Reducing Prejudice and Discrimination
Finding ways to reduce prejudice and discrimination is the central issue in attacking racism in our society. Yet this book is almost unique among scientific volumes in its focus on that goal. This important book combines critical analysis of theories about how to reduce prejudice and discrimination with cutting-edge empirical research conducted in real-world settings, as well as in controlled laboratory situations.
This book's outstanding contributors focus on a common set of questions about ways to reduce intergroup conflict, prejudice, and stereotyping. They summarize their own research, as well as others, interpret the conclusions, and suggest implications concerning the practical methods that have been, or could be, used in programs aimed at reducing intergroup conflict. The chapters present solidly based critical analyses and research findings in clear, reader-friendly prose.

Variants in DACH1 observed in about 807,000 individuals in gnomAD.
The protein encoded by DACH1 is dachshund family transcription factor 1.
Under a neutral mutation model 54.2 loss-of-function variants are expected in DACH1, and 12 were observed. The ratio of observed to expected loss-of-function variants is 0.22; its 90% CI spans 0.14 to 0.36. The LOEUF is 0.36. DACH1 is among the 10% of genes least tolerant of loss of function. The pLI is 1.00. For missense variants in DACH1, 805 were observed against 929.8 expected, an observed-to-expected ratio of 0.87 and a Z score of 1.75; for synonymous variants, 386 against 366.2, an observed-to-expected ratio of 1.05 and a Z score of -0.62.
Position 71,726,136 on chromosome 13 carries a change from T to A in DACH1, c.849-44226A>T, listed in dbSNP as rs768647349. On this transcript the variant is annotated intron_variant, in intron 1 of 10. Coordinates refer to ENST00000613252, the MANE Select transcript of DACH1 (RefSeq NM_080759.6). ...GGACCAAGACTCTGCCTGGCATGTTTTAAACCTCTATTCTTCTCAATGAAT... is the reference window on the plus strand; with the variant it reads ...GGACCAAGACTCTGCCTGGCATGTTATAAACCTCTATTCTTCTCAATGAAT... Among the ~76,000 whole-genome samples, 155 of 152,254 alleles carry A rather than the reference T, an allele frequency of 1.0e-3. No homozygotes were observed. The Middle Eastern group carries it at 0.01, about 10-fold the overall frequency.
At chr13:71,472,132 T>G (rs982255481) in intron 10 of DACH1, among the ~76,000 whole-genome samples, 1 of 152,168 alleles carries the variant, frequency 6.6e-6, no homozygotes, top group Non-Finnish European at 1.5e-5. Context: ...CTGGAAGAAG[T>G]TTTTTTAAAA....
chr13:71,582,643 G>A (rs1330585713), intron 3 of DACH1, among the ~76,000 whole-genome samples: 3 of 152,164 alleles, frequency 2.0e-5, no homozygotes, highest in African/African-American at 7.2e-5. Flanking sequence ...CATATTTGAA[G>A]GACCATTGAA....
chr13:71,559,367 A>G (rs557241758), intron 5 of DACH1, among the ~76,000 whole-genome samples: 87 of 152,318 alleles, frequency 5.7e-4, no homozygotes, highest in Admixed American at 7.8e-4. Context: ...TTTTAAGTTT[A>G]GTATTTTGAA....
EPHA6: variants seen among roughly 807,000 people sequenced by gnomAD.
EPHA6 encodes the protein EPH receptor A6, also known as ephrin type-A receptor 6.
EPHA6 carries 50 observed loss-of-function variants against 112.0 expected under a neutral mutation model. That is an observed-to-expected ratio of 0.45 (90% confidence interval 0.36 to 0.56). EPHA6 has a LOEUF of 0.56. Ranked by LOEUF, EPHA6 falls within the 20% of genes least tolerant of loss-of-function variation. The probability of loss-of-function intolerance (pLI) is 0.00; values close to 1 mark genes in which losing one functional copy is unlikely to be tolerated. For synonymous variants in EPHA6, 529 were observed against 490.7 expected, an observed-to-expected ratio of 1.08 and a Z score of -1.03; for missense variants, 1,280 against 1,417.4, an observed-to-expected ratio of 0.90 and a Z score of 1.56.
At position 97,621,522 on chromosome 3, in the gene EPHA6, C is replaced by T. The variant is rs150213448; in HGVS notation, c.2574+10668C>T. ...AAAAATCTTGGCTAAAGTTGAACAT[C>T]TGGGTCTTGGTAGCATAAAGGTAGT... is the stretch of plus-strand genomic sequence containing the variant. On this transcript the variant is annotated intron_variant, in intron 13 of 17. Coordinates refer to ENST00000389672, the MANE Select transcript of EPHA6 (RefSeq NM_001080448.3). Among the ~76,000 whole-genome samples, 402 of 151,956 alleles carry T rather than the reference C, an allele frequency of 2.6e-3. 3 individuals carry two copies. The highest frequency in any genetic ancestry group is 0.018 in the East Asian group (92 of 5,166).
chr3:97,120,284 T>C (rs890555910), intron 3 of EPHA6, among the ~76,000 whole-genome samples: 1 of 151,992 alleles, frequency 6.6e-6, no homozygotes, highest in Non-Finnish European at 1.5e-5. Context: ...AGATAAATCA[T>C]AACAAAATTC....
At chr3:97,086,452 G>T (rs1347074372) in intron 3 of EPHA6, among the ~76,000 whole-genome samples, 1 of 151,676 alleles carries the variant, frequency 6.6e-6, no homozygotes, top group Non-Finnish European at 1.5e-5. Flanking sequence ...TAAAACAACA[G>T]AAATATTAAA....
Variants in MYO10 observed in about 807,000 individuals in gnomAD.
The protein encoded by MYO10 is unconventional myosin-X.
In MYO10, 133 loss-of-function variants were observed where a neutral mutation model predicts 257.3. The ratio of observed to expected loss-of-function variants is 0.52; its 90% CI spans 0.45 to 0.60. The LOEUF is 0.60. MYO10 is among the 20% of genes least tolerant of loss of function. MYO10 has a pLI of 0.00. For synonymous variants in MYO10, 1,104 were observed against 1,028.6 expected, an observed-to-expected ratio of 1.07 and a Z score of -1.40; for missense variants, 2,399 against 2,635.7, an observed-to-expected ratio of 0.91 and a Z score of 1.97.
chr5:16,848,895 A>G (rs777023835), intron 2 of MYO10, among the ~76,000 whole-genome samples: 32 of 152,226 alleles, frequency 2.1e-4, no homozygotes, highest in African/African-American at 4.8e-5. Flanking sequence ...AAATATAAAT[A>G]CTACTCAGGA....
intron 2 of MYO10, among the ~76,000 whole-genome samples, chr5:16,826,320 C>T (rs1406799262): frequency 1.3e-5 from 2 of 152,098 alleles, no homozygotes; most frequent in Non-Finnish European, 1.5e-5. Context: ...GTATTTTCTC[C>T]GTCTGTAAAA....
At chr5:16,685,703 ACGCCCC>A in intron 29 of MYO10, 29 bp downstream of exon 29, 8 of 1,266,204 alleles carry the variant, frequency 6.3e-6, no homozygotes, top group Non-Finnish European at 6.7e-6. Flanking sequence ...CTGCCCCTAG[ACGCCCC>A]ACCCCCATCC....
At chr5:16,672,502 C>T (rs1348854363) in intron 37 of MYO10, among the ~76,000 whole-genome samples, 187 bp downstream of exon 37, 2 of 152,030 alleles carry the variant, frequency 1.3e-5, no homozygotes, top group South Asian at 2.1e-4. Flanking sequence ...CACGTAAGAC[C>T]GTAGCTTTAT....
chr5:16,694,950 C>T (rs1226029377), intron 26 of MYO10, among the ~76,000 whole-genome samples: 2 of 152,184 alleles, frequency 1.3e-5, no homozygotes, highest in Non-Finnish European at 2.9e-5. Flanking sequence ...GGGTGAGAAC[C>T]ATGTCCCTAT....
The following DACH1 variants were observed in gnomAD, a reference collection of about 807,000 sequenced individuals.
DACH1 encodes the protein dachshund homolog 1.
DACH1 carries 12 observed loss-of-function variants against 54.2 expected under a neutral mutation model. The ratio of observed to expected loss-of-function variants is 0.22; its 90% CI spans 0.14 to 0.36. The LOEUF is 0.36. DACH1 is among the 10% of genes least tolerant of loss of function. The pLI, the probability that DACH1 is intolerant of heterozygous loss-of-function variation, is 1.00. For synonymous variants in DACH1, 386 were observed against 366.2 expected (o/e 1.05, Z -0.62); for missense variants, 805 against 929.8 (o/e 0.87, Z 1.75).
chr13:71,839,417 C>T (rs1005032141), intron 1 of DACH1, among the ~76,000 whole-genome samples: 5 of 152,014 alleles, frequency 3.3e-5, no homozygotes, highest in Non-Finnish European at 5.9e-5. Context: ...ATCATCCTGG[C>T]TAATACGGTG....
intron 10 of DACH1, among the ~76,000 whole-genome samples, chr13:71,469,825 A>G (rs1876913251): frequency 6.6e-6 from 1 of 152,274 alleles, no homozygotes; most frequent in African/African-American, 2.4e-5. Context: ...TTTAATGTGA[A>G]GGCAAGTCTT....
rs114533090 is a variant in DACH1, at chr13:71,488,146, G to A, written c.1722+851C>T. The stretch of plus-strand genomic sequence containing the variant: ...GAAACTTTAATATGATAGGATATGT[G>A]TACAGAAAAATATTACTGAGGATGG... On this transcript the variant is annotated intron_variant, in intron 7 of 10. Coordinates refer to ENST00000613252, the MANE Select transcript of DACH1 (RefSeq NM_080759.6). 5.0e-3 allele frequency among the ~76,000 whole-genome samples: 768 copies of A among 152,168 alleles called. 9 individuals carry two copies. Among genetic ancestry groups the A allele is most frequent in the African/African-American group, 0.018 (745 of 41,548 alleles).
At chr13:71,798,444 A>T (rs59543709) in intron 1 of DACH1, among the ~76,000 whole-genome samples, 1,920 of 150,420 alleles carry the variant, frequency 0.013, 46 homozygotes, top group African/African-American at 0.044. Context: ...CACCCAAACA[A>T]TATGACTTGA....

This book evolved from the Sixteenth Annual Claremont Symposium on Applied Social Psychology. Each Symposium in the series concentrates on a single area in which social psychological knowledge is being applied to the resolution of a current social problem.
Ideal for teachers, social workers, administrators, managers, and other social practitioners who are concerned about prejudice and discrimination, this book will also serve as a valuable foundation of knowledge in courses that examine this topic.